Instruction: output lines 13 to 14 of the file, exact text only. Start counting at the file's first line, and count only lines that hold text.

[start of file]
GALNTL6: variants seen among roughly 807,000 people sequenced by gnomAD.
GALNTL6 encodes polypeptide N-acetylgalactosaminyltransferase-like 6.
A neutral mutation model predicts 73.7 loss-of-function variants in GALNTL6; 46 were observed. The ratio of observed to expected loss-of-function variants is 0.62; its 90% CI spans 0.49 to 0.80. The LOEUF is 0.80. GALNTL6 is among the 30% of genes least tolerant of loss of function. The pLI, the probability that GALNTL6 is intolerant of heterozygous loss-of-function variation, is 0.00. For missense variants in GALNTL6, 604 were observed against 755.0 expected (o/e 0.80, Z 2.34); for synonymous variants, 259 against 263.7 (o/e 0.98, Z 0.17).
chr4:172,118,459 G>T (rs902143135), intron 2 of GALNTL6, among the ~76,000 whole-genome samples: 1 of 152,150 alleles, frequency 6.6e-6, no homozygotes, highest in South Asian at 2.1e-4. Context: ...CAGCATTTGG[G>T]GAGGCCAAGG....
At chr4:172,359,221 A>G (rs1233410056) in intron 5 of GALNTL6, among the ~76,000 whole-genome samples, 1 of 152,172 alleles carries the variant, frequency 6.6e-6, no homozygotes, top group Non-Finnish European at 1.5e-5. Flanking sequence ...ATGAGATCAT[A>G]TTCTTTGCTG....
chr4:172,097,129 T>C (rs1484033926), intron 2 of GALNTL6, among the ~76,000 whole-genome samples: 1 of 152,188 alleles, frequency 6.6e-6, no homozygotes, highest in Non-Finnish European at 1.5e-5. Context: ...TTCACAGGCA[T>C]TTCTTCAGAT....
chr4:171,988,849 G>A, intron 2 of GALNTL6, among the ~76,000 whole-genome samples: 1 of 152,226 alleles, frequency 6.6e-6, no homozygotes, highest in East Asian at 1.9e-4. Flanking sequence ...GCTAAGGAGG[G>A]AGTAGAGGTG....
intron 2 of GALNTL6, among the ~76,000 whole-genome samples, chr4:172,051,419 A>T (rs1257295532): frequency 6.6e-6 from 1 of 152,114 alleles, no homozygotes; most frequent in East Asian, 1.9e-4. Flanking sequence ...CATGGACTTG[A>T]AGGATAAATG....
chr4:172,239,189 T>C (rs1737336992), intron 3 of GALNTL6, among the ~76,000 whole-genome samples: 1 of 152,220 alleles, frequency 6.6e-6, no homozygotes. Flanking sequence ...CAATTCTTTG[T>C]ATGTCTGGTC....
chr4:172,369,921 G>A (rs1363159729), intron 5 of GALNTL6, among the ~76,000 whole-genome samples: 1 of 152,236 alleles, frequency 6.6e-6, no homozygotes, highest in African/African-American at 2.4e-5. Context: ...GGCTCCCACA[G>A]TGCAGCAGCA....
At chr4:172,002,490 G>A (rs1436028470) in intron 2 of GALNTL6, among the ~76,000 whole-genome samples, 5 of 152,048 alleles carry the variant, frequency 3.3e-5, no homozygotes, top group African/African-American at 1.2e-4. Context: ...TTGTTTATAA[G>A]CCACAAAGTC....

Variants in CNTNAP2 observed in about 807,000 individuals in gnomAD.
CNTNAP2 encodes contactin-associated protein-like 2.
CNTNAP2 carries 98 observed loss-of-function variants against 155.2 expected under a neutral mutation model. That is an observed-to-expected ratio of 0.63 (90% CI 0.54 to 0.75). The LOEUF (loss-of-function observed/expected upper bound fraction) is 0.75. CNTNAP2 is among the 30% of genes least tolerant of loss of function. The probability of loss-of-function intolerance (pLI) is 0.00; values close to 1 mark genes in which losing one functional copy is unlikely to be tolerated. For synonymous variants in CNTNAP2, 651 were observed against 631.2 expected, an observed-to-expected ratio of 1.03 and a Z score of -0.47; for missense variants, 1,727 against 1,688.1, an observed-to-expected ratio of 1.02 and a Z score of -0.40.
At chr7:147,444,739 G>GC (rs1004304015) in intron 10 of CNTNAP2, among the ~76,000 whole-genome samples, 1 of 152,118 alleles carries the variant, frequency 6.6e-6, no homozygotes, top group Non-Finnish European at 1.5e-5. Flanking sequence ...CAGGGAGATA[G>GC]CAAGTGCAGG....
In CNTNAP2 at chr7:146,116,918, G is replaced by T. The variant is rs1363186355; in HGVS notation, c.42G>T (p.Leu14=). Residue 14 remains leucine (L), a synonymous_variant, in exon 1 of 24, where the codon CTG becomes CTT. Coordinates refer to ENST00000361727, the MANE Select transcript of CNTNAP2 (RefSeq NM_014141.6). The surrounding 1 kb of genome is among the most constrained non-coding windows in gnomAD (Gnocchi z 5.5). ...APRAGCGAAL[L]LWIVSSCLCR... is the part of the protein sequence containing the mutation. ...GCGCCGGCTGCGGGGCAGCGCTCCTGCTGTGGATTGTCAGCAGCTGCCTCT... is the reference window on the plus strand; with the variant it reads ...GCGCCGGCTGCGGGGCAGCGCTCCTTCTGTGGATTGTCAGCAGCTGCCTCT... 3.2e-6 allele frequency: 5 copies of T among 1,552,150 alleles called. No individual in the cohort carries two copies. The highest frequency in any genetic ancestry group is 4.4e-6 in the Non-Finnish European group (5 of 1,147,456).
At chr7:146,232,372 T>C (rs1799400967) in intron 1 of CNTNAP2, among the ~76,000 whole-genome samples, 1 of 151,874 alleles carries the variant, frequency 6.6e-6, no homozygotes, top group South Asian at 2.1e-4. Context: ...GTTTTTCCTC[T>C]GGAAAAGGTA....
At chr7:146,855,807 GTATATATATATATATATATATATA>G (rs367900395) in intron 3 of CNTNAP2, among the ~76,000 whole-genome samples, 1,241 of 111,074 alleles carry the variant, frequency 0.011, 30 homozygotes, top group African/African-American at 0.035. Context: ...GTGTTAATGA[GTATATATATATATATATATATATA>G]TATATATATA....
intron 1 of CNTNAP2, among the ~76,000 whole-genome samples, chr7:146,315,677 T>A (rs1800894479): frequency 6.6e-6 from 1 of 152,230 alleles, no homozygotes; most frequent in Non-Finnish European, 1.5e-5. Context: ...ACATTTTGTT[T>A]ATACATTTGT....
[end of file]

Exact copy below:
CNTNAP2 encodes contactin-associated protein-like 2.
CNTNAP2 carries 98 observed loss-of-function variants against 155.2 expected under a neutral mutation model. That is an observed-to-expected ratio of 0.63 (90% CI 0.54 to 0.75). The LOEUF (loss-of-function observed/expected upper bound fraction) is 0.75. CNTNAP2 is among the 30% of genes least tolerant of loss of function. The probability of loss-of-function intolerance (pLI) is 0.00; values close to 1 mark genes in which losing one functional copy is unlikely to be tolerated. For synonymous variants in CNTNAP2, 651 were observed against 631.2 expected, an observed-to-expected ratio of 1.03 and a Z score of -0.47; for missense variants, 1,727 against 1,688.1, an observed-to-expected ratio of 1.02 and a Z score of -0.40.